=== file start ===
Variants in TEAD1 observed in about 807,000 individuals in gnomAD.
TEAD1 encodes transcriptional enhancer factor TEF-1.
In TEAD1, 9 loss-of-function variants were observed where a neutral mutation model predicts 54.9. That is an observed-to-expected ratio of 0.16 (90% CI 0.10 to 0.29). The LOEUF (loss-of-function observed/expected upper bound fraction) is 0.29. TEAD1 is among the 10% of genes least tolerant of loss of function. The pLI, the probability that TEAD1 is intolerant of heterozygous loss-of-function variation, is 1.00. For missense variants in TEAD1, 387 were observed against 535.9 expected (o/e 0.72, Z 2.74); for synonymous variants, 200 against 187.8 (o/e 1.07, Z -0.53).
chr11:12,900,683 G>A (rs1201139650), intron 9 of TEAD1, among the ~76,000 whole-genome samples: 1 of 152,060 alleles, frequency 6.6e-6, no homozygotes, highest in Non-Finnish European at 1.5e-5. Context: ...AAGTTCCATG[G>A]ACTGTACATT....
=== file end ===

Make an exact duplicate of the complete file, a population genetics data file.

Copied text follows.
Variants in TEAD1 observed in about 807,000 individuals in gnomAD.
TEAD1 encodes transcriptional enhancer factor TEF-1.
In TEAD1, 9 loss-of-function variants were observed where a neutral mutation model predicts 54.9. That is an observed-to-expected ratio of 0.16 (90% CI 0.10 to 0.29). The LOEUF (loss-of-function observed/expected upper bound fraction) is 0.29. TEAD1 is among the 10% of genes least tolerant of loss of function. The pLI, the probability that TEAD1 is intolerant of heterozygous loss-of-function variation, is 1.00. For missense variants in TEAD1, 387 were observed against 535.9 expected (o/e 0.72, Z 2.74); for synonymous variants, 200 against 187.8 (o/e 1.07, Z -0.53).
chr11:12,900,683 G>A (rs1201139650), intron 9 of TEAD1, among the ~76,000 whole-genome samples: 1 of 152,060 alleles, frequency 6.6e-6, no homozygotes, highest in Non-Finnish European at 1.5e-5. Context: ...AAGTTCCATG[G>A]ACTGTACATT....